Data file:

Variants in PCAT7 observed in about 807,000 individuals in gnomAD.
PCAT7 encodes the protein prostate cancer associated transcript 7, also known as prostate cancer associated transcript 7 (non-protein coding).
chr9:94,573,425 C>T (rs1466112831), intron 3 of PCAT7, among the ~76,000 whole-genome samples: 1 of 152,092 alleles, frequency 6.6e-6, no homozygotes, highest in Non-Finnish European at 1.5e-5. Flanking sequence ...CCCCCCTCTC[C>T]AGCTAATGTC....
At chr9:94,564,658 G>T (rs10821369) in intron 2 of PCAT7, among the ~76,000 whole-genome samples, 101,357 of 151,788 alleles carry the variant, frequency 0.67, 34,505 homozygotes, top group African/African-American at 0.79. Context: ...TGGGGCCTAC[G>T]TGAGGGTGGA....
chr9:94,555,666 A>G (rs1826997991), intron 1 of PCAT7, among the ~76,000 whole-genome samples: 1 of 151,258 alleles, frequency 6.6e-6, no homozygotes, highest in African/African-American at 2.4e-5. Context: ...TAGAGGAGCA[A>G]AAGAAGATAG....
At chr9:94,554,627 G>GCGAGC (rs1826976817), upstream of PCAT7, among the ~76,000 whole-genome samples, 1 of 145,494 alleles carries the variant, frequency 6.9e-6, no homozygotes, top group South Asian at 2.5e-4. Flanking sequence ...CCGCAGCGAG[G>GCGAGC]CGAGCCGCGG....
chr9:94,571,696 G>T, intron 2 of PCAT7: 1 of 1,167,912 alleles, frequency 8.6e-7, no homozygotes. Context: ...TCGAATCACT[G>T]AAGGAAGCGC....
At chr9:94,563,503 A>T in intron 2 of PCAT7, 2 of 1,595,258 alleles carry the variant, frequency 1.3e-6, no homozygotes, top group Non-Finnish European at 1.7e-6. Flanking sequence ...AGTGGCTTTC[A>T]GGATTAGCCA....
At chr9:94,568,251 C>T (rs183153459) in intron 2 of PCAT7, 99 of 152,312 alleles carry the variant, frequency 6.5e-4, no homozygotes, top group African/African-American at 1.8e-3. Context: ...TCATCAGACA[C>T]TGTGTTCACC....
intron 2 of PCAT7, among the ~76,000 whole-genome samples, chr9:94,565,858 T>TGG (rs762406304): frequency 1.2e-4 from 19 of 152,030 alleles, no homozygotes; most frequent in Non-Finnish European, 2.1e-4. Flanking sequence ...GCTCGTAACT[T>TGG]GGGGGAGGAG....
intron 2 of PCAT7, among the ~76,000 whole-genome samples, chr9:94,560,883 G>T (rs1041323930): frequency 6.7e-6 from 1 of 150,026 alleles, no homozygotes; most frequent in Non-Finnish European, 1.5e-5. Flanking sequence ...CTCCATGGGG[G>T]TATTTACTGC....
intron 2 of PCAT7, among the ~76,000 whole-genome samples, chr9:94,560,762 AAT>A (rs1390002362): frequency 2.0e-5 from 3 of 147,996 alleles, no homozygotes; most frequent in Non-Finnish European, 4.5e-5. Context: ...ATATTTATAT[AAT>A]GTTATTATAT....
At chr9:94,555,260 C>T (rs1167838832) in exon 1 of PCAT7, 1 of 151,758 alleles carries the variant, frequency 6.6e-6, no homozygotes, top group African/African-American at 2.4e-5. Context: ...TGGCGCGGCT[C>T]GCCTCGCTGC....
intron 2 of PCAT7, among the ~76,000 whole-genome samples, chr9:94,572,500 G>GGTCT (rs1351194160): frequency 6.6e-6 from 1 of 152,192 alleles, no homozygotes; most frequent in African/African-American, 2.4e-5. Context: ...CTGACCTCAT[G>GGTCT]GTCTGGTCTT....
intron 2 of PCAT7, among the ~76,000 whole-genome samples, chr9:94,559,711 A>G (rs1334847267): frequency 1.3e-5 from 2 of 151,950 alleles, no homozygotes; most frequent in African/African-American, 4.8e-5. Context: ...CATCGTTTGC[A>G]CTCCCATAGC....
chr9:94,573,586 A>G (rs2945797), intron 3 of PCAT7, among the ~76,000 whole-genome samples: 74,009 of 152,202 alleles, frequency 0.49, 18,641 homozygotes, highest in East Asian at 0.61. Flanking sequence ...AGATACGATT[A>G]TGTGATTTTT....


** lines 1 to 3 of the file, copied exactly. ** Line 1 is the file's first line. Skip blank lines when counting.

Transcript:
Variants in PCAT7 observed in about 807,000 individuals in gnomAD.
PCAT7 encodes the protein prostate cancer associated transcript 7, also known as prostate cancer associated transcript 7 (non-protein coding).
chr9:94,573,425 C>T (rs1466112831), intron 3 of PCAT7, among the ~76,000 whole-genome samples: 1 of 152,092 alleles, frequency 6.6e-6, no homozygotes, highest in Non-Finnish European at 1.5e-5. Flanking sequence ...CCCCCCTCTC[C>T]AGCTAATGTC....